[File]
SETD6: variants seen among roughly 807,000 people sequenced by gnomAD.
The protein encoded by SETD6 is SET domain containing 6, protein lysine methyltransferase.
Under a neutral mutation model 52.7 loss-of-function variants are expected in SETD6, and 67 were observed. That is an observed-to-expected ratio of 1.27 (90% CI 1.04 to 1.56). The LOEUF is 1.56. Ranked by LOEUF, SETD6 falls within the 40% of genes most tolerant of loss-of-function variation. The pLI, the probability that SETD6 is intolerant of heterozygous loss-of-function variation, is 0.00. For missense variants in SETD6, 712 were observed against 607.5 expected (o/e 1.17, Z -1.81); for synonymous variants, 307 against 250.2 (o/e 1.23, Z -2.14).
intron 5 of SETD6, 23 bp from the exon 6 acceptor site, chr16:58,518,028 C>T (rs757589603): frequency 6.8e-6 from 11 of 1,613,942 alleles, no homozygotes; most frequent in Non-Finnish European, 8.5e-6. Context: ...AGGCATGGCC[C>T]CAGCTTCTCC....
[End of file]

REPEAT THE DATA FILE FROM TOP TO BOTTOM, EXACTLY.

SETD6: variants seen among roughly 807,000 people sequenced by gnomAD.
The protein encoded by SETD6 is SET domain containing 6, protein lysine methyltransferase.
Under a neutral mutation model 52.7 loss-of-function variants are expected in SETD6, and 67 were observed. That is an observed-to-expected ratio of 1.27 (90% CI 1.04 to 1.56). The LOEUF is 1.56. Ranked by LOEUF, SETD6 falls within the 40% of genes most tolerant of loss-of-function variation. The pLI, the probability that SETD6 is intolerant of heterozygous loss-of-function variation, is 0.00. For missense variants in SETD6, 712 were observed against 607.5 expected (o/e 1.17, Z -1.81); for synonymous variants, 307 against 250.2 (o/e 1.23, Z -2.14).
intron 5 of SETD6, 23 bp from the exon 6 acceptor site, chr16:58,518,028 C>T (rs757589603): frequency 6.8e-6 from 11 of 1,613,942 alleles, no homozygotes; most frequent in Non-Finnish European, 8.5e-6. Context: ...AGGCATGGCC[C>T]CAGCTTCTCC....